Googling Diversity

So should we look a bit at Google’s self-inflicted hangnail? Google is so huge that is about what it amounts to. Still, it is interesting in several ways.

Now mind, I believe that one may run a company one owns as one pleases, and if you choose to promote less competent social justice warriors into posts of responsibility instead of competent software engineers – well on your head be it. The counter argument is that Google is nearly a public utility, but that is not so. The Internet is not necessary (yet, anyway), however desirable it is. And Google does have, in all areas, competitors, some very good.

Ben Domenech lays it out well at The Federalist.

Yesterday, the internet lit up with a flame-war of epic proportions over an internal memo written by James Damore, a Google engineer with a Harvard PhD, who wrote at length about workplace diversity. The memo was the type of statistical analysis one could expect from a dispassionate engineer irritated by a lack of clarity in why fewer women choose to participate in his field, attempting to quantify it beyond the vague assumptions favored by corporate PR. He offered various reasons and explanations for why this could be the case, and offered to discuss the memo further with anyone interested in doing so. For writing this thoughtcrime, he was fired. Google’s CEO claims the memo violated its Code of Conduct. You can read the CEO’s statement here, which stresses that his views were “Not OK”.

These views are consistent with those of Google’s Eric Schmidt, who recently rejected the idea advanced in a Q&A that any right of center views need to be considered part of the bucket of “diversity” favored within Google. As I noted at the time: 

Note the response from Eric Schmidt, who rejects the idea that anyone disagreeing with him politically could be operating from a position of ‘science-based thinking’. The level of diversity and inclusiveness welcomed by Google is precisely as much as is needed to achieve their corporate aims. ‘You’ll also find that all of the other companies in our field agree with us’ – yes, we know.

You see the same tone advanced by Danielle Brown, Google’s vice president of diversity, integrity and governance, who insists the memo’s gender assumptions were “incorrect”.

As always “not consistent” does not mean right or wrong. It means “he doesn’t agree with me, and it’s my company”. As it happens, I believe Damore makes a hell of a lot of sense. But my name isn’t Schmidt, and I’m not CEO of Google, and I do think he can run the company however the shareholders will let him, no matter how stupid. And I note that Google does appear to make money! 🙂

Domenech quotes several of his contributors in his article. As usual David Harsanyi makes a good logical case.

Gizmodo calls a Google engineer’s leaked internal memo about the company’s diversity initiatives an ‘anti-diversity screed.’ Recode calls it ‘sexist.’ Most major news organizations frame it in similar terms. The memo has gone viral. (Update: Google has fired the author for ‘perpetuating gender stereotypes.’) In reality, the problem is that a senior software engineer, perhaps unwittingly, admitted to pondering three of the most scandalous thought-crimes of contemporary American society. The first was to propose that a meritocracy might be heathier for a company than bean-counting race, ethnicity, and sex. The second is pointing that ideological diversity matters. The third, and most grievous of all the wrongthinks, is suggesting that men and women are, in general, physiologically and psychologically different from each other, and thus they tend to excel at different things.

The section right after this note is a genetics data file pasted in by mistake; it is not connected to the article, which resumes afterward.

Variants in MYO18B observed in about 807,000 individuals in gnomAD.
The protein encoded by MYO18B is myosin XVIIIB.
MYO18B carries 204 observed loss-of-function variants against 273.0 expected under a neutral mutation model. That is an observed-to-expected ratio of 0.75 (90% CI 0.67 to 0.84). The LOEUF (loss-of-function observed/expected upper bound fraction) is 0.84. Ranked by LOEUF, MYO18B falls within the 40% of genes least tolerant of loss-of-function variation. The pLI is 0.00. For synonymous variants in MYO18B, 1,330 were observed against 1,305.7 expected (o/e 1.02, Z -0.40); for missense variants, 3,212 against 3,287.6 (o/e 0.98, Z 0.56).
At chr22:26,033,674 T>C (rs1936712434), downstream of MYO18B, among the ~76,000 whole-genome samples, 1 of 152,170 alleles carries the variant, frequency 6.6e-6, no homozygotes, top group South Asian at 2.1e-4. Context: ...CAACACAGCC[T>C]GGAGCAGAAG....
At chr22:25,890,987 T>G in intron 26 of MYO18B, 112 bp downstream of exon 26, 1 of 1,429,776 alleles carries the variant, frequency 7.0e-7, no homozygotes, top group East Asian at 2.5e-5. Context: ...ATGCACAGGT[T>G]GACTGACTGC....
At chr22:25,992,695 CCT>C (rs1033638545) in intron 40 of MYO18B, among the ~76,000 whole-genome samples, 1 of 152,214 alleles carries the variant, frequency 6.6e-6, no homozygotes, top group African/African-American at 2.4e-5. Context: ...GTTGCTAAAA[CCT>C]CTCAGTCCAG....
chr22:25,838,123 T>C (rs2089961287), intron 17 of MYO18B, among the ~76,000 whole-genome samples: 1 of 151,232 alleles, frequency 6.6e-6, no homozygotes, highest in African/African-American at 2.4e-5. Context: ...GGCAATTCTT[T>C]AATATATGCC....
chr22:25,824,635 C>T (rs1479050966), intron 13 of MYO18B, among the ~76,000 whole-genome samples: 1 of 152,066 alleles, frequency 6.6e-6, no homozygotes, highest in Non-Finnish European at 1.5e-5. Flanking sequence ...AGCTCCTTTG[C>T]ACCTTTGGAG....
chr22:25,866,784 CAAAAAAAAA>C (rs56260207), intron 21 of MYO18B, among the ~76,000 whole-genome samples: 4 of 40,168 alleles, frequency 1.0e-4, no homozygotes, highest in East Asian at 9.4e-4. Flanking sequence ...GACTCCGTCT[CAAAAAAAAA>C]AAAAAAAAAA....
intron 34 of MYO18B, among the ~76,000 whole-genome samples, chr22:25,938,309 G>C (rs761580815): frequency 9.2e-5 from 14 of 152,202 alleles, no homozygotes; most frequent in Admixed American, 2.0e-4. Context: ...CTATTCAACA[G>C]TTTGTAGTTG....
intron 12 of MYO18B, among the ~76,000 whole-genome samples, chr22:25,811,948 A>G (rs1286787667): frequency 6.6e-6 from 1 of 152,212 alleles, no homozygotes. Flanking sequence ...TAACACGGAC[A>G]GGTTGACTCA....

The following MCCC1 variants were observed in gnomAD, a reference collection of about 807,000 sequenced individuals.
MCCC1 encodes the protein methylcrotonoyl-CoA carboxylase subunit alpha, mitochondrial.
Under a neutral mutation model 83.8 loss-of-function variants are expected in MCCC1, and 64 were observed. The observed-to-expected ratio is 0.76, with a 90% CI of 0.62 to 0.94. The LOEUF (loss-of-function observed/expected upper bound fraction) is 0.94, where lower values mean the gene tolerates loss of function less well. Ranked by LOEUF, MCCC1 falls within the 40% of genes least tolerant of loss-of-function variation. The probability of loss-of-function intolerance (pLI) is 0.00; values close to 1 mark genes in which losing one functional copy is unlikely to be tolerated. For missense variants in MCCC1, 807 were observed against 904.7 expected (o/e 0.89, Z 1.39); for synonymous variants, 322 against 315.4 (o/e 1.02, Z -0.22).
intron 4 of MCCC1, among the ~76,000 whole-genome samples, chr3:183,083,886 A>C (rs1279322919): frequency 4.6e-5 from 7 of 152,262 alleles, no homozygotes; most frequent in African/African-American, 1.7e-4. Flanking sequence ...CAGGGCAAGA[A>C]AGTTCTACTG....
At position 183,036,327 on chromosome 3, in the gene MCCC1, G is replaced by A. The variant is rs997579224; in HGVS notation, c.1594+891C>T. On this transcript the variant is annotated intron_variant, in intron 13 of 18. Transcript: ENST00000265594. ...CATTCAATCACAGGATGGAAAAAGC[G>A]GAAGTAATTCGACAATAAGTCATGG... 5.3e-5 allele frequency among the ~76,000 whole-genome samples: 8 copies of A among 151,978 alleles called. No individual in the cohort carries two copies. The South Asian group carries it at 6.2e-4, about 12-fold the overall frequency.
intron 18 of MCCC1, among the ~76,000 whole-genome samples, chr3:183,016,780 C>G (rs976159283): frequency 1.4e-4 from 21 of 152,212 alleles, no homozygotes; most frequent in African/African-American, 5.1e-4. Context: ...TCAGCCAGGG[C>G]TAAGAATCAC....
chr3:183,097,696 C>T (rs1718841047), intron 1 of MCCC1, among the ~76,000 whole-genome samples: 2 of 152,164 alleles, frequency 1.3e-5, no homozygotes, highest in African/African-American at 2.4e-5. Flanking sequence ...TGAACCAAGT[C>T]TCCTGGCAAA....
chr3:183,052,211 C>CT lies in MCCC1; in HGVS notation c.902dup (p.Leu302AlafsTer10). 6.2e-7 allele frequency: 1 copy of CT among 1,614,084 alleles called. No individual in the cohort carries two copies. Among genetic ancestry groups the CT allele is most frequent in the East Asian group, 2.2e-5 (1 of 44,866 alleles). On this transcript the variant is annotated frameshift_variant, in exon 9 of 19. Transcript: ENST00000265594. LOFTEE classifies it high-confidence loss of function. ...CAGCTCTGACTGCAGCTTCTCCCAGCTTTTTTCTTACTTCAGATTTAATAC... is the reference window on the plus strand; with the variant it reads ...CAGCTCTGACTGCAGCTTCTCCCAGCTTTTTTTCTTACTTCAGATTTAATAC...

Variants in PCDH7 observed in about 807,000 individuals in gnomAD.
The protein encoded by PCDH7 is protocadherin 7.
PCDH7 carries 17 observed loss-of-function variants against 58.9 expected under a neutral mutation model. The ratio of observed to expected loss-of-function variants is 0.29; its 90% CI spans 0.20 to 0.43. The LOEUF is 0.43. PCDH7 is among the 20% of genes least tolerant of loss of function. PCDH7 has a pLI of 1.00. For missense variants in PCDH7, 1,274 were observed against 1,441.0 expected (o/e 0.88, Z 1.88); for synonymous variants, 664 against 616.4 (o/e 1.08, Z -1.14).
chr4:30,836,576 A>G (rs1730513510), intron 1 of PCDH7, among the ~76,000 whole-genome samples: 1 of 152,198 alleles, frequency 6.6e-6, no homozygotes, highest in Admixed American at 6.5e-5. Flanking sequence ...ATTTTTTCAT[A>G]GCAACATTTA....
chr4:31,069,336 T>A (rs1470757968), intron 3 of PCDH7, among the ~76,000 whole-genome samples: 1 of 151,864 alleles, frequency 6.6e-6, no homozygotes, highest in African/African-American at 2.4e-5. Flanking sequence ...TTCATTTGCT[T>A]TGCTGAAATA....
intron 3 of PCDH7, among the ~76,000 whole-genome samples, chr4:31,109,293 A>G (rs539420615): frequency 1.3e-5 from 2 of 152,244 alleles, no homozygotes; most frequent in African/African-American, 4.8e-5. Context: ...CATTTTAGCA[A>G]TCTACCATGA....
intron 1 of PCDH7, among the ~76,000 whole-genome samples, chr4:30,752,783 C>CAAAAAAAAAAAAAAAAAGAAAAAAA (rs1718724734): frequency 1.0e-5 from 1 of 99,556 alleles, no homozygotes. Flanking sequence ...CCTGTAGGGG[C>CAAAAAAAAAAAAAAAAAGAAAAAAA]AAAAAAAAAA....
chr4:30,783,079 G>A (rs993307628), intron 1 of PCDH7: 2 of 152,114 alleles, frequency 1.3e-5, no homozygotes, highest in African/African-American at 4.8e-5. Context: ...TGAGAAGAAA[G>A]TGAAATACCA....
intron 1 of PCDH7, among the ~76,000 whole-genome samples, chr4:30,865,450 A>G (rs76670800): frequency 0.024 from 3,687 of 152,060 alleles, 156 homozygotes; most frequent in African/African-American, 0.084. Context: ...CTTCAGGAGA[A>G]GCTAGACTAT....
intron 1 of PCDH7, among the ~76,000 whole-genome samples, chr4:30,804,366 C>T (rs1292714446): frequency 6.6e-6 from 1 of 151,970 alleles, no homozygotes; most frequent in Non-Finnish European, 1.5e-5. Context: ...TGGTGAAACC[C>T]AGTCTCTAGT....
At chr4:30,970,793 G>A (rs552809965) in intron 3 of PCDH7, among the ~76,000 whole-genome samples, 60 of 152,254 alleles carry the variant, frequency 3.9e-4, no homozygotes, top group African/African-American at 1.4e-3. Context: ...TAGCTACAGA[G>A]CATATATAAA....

And that my friends is the real ‘thoughtcrime’ here. Wouldn’t it be terrible if we promoted people based on their skills instead of their politics?

Don’t Fence Me In: Claim The Inheritance

How sad is that? Almost makes you cry, doesn’t it? We all like the fact that reports say the Millenials are the most conservative generation since the ‘Greatest Generation’, but there is nothing to celebrate in an American generation being risk averse. Ben Domenech wrote about it in The Federalist, and it’s worth commenting on.

Space is the next frontier. Throughout the history of America, we have been a nation driven by the idea of the frontier—a place where law was slim and liberty was enormous, where you could make your way in the world based on your own ambition and abilities, not fenced in by the limitations of society. The idea of the frontier is a stand-in for the idea of liberty. The danger for the millennial generation today is that even as they inhabit an era providing utopian degrees of choices, they have become too fearful to actually make those choices and seize the future liberty allows. In so doing, they deny their inheritance as Americans.